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Complexity Economics

Summary:
From Asad Zaman Classical Physics, the model for modern economics, was based on the ideas of stability and permanence of astronomical orbits; see Mirowski (1992). Deeper examination of astrophysics led to the replacement of this view by big bang which gave birth to the universe, and increasing entropy, which will lead to its heat death. “Equilibrium” just appears as a temporary and local phenomenon in an evolving and chaotic universe. Complexity economics takes non-equilibrium seriously. Constantly evolving systems may never be in equilibrium and may even lack a tendency towards equilibrium. The mode of analysis required for such systems cannot be based on the kind of mathematic currently dominant in the economics profession. Complex systems theory was pioneered in the 1980s and 1990s

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from Asad Zaman

Classical Physics, the model for modern economics, was based on the ideas of stability and permanence of astronomical orbits; see Mirowski (1992). Deeper examination of astrophysics led to the replacement of this view by big bang which gave birth to the universe, and increasing entropy, which will lead to its heat death. “Equilibrium” just appears as a temporary and local phenomenon in an evolving and chaotic universe.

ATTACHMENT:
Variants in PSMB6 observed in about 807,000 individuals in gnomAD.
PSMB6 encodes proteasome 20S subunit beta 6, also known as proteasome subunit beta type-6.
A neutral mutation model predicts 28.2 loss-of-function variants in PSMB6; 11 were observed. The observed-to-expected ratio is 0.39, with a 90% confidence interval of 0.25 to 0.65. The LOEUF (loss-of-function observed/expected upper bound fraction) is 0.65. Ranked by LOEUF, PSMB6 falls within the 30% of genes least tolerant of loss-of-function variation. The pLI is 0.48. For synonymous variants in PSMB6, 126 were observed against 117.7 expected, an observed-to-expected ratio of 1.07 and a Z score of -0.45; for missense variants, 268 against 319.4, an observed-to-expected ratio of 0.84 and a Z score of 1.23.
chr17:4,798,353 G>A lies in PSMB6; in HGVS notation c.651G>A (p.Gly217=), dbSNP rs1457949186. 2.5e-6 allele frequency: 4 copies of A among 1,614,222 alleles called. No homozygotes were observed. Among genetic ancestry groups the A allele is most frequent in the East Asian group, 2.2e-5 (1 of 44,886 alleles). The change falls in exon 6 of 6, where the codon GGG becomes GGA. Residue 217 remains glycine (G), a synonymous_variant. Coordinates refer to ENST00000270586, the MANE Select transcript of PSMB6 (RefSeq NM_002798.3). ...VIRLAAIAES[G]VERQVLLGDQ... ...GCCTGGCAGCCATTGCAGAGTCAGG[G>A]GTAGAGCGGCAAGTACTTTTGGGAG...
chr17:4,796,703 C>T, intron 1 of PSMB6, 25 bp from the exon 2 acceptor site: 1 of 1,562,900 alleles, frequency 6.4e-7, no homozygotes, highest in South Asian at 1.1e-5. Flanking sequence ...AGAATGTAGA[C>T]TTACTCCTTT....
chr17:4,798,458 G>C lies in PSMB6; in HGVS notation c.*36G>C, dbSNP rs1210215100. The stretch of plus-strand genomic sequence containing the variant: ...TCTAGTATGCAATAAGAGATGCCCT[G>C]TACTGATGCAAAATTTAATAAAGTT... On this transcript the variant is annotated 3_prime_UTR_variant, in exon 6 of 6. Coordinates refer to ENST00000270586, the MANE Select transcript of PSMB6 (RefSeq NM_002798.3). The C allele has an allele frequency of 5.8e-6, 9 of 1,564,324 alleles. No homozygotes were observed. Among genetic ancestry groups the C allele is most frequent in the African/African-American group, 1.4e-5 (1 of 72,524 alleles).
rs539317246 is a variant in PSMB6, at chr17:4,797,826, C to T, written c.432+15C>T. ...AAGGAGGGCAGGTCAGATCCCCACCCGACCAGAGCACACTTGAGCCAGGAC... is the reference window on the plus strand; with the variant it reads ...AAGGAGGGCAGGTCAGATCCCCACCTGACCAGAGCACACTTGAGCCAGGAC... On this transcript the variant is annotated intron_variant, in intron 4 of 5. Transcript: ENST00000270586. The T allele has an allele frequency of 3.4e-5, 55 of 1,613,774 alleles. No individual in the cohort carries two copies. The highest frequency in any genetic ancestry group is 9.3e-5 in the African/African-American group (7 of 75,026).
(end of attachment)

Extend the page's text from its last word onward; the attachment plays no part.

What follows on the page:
Complexity economics takes non-equilibrium seriously. Constantly evolving systems may never be in equilibrium and may even lack a tendency towards equilibrium. The mode of analysis required for such systems cannot be based on the kind of mathematic currently dominant in the economics profession. Complex systems theory was pioneered in the 1980s and 1990s by a small team at the Santa Fe Institute led by W. Brian Arthur. Some of the key elements of this approach to economics can be described as follows:

  1. Computational Aspects: It is essential to understand how closely our analytical methods correlate with our computational abilities. Just as tensor calculus enabled the discovery of relativity by Einstein, the computer power today enables us to explore consequences of behavioral assumptions far beyond the capabilities of mathematical formulae. Even the mechanics of human motion cannot be captured in formulae, but can be expressed and represented as a linked network on computers. Similarly, computers today allow us to capture and analyze dynamics of extremely complex systems.
  2. Complex Features: Brian Arthur et al. (1997) describe several features of complex systems which create models of types not easily accessible by conventional analytical tools and techniques. These include: read more
Asad Zaman
Physician executive. All opinions are my personal. It is okay for me to be confused as I’m learning every day. Judge me and be confused as well.

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